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Trixie Bean!

none so blind as- those that will- not see
 
 
Barked: Sun Oct 21, '12 5:11am PST 
IMO having a muzzle on him doesn't show that you have a dangerous dog- people use muzzles for various reasons, including to stop their dogs eating stuff off the floor!

I used to muzzle Trix on walks, for her and for others safety. She was fear aggressive with humans and dogs, and there was a lot of times when people wouldn't respect that (dogs being allowed to run up to her). The muzzle allowed ME to keep calm, stopped her from being able to snap at other dogs and actually helped us a LOT! My calmer mood on walks helped her to learn that people are not scary after all smile
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Shadow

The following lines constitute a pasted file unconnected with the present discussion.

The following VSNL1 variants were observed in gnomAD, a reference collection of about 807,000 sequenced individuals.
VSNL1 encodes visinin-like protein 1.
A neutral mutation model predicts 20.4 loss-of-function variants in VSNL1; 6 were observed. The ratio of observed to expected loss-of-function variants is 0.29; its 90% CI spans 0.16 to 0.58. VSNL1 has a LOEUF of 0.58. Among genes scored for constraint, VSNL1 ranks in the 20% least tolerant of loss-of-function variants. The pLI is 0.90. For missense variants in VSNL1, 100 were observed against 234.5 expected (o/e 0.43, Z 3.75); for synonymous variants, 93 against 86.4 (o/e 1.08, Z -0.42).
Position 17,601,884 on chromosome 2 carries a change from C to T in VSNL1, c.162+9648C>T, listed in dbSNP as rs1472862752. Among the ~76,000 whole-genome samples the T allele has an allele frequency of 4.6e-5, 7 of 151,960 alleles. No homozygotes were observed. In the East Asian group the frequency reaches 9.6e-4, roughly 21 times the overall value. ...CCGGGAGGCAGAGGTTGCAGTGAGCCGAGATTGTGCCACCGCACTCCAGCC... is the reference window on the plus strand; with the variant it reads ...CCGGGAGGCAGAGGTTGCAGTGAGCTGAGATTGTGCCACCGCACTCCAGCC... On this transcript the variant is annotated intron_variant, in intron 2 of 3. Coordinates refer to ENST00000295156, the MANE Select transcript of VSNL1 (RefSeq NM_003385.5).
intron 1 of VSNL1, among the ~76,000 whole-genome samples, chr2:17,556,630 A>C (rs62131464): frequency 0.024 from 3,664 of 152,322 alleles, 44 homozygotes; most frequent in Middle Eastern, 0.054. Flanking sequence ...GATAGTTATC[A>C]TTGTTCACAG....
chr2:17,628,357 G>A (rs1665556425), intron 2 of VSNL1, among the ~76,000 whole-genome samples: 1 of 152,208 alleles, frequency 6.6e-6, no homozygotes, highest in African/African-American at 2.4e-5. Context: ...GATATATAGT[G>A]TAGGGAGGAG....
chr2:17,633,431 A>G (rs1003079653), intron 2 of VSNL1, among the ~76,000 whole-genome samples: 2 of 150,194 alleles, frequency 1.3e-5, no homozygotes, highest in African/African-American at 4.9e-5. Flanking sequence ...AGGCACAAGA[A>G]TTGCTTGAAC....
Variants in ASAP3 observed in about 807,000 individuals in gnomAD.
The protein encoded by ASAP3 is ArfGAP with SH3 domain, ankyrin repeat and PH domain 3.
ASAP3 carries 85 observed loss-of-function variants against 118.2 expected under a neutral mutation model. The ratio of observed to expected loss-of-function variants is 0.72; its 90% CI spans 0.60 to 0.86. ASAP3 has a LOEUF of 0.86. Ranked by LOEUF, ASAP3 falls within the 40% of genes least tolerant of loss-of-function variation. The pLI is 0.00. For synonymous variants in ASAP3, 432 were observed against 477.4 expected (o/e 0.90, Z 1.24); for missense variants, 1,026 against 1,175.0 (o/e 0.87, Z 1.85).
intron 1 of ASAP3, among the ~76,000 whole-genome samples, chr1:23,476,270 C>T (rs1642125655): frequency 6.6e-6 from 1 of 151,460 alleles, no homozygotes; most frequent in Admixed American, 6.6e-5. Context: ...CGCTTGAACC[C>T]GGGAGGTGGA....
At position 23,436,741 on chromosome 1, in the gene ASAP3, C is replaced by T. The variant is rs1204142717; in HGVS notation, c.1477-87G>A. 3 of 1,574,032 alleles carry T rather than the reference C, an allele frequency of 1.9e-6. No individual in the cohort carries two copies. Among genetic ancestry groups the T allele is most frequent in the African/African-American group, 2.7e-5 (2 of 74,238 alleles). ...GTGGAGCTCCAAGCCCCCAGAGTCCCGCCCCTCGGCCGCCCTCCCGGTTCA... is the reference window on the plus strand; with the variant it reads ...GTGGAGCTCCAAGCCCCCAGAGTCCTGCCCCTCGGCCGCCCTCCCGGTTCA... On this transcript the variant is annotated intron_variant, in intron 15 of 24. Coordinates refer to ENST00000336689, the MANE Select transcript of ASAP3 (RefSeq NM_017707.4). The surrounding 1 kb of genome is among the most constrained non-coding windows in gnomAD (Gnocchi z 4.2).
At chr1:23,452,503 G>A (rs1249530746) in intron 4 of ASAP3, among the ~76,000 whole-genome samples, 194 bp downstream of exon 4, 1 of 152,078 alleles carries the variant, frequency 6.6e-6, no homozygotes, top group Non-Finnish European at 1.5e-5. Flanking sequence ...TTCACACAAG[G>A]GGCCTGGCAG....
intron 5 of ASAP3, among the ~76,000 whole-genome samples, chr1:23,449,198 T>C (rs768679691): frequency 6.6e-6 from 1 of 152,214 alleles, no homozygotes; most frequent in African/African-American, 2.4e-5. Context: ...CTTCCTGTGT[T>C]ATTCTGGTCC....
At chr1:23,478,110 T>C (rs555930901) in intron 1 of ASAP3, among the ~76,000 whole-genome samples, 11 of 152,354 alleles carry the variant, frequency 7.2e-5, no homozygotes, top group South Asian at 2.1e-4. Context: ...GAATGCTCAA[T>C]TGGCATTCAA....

Lets GO
 
 
Barked: Sun Oct 21, '12 7:35am PST 
Shadow is muzzled outside of my property. I have had people comment on it but I see it as protecting my dog. Her behavior swings wildly and I don't want any accidents. I would like to not have to use it but I would rather have her muzzled then not have her.
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Mulder

Spooky Mulder
 
 
Barked: Sun Oct 21, '12 7:38am PST 
Muzzles are good tools, and I say use them if you feel it necessary and don't waste time caring what other people think.

That said, be honest with yourself... yes, people do see a muzzled dog differently.

I considered this with Ridley to help get him past his uneasiness around certain children. He's never bitten or even tried to, but children are unpredictable and I can't guarantee that they wont push things too far.

But taking a muzzled dog to an area with children, even if I was off to the side and my dog was otherwise calm, wasn't going to go over well.

So I just had to work around it. For him that was ok and it worked, because I knew his triggers and I knew how to keep him under control. But for a dog who is truly unpredictable, I say take no chances, keep yourself and your dog safe and do what you need to do.